- December 27, 2017
- Posted by: Stephen Azubuike
- Category: Case Law Blog
Agi v. PDP & Ors [ 2017] 17 NWLR (Pt. 1595) 386 at 456, paras. B-H, per Ogunbiyi, JSC:
“I have restated earlier in this Judgment also that the nature of the allegation lodged against the 3rd respondent by the appellant is firmly rooted in criminality and which must be proved beyond reasonable doubt as rightly held by the lower court… In proving falsification of age beyond reasonable doubt, it is not enough for an appellant qua plaintiff to demonstrate the act of falsification of age, it is also incumbent on him to establish that the act was intentional. In other words, that it was done with the intention to gain an advantage by the alleged act of criminality. As rightly submitted on behalf of the 3rd respondent, this again brings us to the provisions of section 1777(b) of the 1999 Constitution where mens rea in falsification of age for eligibility to contest election as Governor must, of necessity, relate to circumventing the age prescription of 35 years to contest election…. For all intents and purposes, the appellant did not lead any evidence to show that the purported false declaration in age alleged against the 3rd respondent were falsified with the criminal intent of meeting the constitutional age limit of 35 years set by the Constitution.”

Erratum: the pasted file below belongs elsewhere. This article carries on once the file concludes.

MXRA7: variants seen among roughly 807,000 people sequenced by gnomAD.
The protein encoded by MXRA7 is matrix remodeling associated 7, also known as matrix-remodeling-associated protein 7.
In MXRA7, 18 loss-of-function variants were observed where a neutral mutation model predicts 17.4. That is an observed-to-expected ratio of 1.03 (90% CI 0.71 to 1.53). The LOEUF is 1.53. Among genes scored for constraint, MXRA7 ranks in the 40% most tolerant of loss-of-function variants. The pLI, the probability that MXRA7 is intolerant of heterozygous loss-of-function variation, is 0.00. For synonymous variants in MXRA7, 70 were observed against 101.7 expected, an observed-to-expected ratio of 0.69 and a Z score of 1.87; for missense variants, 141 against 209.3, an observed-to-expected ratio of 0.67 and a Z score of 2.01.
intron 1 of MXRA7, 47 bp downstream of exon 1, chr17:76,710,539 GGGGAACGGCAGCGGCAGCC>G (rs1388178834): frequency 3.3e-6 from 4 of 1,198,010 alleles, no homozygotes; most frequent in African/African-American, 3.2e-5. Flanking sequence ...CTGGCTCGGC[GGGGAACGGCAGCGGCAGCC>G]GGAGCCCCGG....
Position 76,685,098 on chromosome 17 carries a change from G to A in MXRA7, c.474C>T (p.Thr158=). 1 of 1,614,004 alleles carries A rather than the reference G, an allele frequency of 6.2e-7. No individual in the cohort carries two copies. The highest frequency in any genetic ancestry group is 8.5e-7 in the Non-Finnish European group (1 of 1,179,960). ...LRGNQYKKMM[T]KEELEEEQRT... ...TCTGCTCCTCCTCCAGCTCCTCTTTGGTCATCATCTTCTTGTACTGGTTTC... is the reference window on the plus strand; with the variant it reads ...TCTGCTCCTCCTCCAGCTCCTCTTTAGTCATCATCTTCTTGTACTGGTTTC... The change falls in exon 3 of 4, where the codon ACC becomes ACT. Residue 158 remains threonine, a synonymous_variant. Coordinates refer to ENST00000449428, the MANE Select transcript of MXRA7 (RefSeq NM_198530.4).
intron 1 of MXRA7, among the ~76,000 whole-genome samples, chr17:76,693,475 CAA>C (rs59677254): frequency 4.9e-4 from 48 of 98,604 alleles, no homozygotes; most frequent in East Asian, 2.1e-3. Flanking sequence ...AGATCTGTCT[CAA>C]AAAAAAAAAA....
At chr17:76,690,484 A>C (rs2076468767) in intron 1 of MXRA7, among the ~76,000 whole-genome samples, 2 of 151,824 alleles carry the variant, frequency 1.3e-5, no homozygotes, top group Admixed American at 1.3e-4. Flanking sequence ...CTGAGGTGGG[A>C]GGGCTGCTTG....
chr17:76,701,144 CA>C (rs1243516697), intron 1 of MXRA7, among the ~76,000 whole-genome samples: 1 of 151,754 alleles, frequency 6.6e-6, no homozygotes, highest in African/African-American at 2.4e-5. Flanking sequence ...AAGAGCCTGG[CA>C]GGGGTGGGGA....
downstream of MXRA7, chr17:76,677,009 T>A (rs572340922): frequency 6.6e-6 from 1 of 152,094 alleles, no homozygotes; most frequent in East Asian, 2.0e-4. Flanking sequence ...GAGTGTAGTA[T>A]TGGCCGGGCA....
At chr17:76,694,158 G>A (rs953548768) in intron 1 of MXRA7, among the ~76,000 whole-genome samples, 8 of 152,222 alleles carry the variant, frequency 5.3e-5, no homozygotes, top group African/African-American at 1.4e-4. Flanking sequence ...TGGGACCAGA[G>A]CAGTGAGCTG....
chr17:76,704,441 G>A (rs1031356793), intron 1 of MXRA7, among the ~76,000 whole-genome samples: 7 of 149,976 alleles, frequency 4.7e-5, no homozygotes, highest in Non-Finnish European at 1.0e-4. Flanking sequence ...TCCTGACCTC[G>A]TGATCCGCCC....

In the case, the Appellant and the 3rd Respondent along with 8 other aspirants had contested the primaries for nomination to be the flag bearer of the PDP, 1st Respondent, at the 2015 gubernatorial election in Cross River State. The 3rd Respondent won the primaries and eventually became the Governor. The Appellant unsuccessfully challenged the outcome of the primaries on grounds which included alleged falsification of age by the 3rd Respondent. Based on the above quoted pronouncement, the Supreme Court found no merits in the Appellant’s case regarding the issue.
The implication of the position of the apex Court appears to be that even if you falsify your age, it is immaterial for purposes of disqualification to contest an election so long as your original age meets the required age limit.
Interestingly, in a recent report, President Muhammadu Buhari was quoted as saying that he thought he was 74 years but was told he was 75. Although the report generated controversies as some believe the President may well be above 75, the issue however has no implication on his qualification to contest for the position of the President as he was above the 40 years prescribed by Section 131(b) of the 1999 Constitution (as amended) by the time he contested and won the presidential election. Therefore, the report simply calls into question the integrity of the President amidst other controversial issues surrounding him prior to the 2015 election up till this time.